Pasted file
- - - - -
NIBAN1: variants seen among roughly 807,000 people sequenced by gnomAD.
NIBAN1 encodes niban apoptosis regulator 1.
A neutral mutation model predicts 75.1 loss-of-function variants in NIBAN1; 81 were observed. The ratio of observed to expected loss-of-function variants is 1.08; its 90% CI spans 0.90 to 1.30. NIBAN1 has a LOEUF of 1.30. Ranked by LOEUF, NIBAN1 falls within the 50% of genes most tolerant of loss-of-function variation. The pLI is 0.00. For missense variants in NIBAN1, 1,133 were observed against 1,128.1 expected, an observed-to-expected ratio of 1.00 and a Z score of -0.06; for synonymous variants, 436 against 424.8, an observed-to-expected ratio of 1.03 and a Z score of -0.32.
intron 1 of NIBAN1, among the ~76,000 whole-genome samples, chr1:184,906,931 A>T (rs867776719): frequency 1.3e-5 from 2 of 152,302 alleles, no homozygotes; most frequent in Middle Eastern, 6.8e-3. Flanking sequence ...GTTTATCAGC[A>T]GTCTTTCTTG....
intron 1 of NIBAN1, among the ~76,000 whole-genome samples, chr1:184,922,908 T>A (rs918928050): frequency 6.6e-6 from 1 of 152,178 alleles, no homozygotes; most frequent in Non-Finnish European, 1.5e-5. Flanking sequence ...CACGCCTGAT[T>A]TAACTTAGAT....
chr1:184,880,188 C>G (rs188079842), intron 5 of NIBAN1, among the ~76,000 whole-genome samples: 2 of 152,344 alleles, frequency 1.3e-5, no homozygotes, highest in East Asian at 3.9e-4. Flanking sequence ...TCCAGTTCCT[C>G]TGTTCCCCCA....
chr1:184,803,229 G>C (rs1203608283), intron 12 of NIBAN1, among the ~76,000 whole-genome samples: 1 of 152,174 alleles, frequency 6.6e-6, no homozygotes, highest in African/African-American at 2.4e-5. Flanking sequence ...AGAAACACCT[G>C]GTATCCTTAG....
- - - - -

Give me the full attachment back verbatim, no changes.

NIBAN1: variants seen among roughly 807,000 people sequenced by gnomAD.
NIBAN1 encodes niban apoptosis regulator 1.
A neutral mutation model predicts 75.1 loss-of-function variants in NIBAN1; 81 were observed. The ratio of observed to expected loss-of-function variants is 1.08; its 90% CI spans 0.90 to 1.30. NIBAN1 has a LOEUF of 1.30. Ranked by LOEUF, NIBAN1 falls within the 50% of genes most tolerant of loss-of-function variation. The pLI is 0.00. For missense variants in NIBAN1, 1,133 were observed against 1,128.1 expected, an observed-to-expected ratio of 1.00 and a Z score of -0.06; for synonymous variants, 436 against 424.8, an observed-to-expected ratio of 1.03 and a Z score of -0.32.
intron 1 of NIBAN1, among the ~76,000 whole-genome samples, chr1:184,906,931 A>T (rs867776719): frequency 1.3e-5 from 2 of 152,302 alleles, no homozygotes; most frequent in Middle Eastern, 6.8e-3. Flanking sequence ...GTTTATCAGC[A>T]GTCTTTCTTG....
intron 1 of NIBAN1, among the ~76,000 whole-genome samples, chr1:184,922,908 T>A (rs918928050): frequency 6.6e-6 from 1 of 152,178 alleles, no homozygotes; most frequent in Non-Finnish European, 1.5e-5. Flanking sequence ...CACGCCTGAT[T>A]TAACTTAGAT....
chr1:184,880,188 C>G (rs188079842), intron 5 of NIBAN1, among the ~76,000 whole-genome samples: 2 of 152,344 alleles, frequency 1.3e-5, no homozygotes, highest in East Asian at 3.9e-4. Flanking sequence ...TCCAGTTCCT[C>G]TGTTCCCCCA....
chr1:184,803,229 G>C (rs1203608283), intron 12 of NIBAN1, among the ~76,000 whole-genome samples: 1 of 152,174 alleles, frequency 6.6e-6, no homozygotes, highest in African/African-American at 2.4e-5. Flanking sequence ...AGAAACACCT[G>C]GTATCCTTAG....